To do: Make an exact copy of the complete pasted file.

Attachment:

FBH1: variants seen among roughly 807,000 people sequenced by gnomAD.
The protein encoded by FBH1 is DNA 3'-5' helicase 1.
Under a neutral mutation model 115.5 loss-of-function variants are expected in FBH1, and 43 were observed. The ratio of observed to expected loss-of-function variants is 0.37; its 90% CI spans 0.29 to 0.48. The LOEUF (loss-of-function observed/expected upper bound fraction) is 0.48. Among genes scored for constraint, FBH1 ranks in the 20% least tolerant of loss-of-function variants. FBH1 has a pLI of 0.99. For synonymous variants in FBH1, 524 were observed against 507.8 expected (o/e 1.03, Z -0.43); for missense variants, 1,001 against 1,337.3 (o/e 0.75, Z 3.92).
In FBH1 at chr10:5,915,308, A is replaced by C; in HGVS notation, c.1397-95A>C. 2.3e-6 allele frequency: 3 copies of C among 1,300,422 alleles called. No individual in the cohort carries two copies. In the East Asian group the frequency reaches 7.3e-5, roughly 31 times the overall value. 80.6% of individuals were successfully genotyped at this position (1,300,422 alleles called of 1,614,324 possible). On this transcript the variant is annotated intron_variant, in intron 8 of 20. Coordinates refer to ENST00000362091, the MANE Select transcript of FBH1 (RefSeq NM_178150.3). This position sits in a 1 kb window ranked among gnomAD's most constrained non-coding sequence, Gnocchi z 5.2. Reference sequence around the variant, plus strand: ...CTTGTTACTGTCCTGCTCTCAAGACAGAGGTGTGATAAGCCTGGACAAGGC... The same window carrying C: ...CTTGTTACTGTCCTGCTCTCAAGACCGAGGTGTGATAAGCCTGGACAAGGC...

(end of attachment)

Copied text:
FBH1: variants seen among roughly 807,000 people sequenced by gnomAD.
The protein encoded by FBH1 is DNA 3'-5' helicase 1.
Under a neutral mutation model 115.5 loss-of-function variants are expected in FBH1, and 43 were observed. The ratio of observed to expected loss-of-function variants is 0.37; its 90% CI spans 0.29 to 0.48. The LOEUF (loss-of-function observed/expected upper bound fraction) is 0.48. Among genes scored for constraint, FBH1 ranks in the 20% least tolerant of loss-of-function variants. FBH1 has a pLI of 0.99. For synonymous variants in FBH1, 524 were observed against 507.8 expected (o/e 1.03, Z -0.43); for missense variants, 1,001 against 1,337.3 (o/e 0.75, Z 3.92).
In FBH1 at chr10:5,915,308, A is replaced by C; in HGVS notation, c.1397-95A>C. 2.3e-6 allele frequency: 3 copies of C among 1,300,422 alleles called. No individual in the cohort carries two copies. In the East Asian group the frequency reaches 7.3e-5, roughly 31 times the overall value. 80.6% of individuals were successfully genotyped at this position (1,300,422 alleles called of 1,614,324 possible). On this transcript the variant is annotated intron_variant, in intron 8 of 20. Coordinates refer to ENST00000362091, the MANE Select transcript of FBH1 (RefSeq NM_178150.3). This position sits in a 1 kb window ranked among gnomAD's most constrained non-coding sequence, Gnocchi z 5.2. Reference sequence around the variant, plus strand: ...CTTGTTACTGTCCTGCTCTCAAGACAGAGGTGTGATAAGCCTGGACAAGGC... The same window carrying C: ...CTTGTTACTGTCCTGCTCTCAAGACCGAGGTGTGATAAGCCTGGACAAGGC...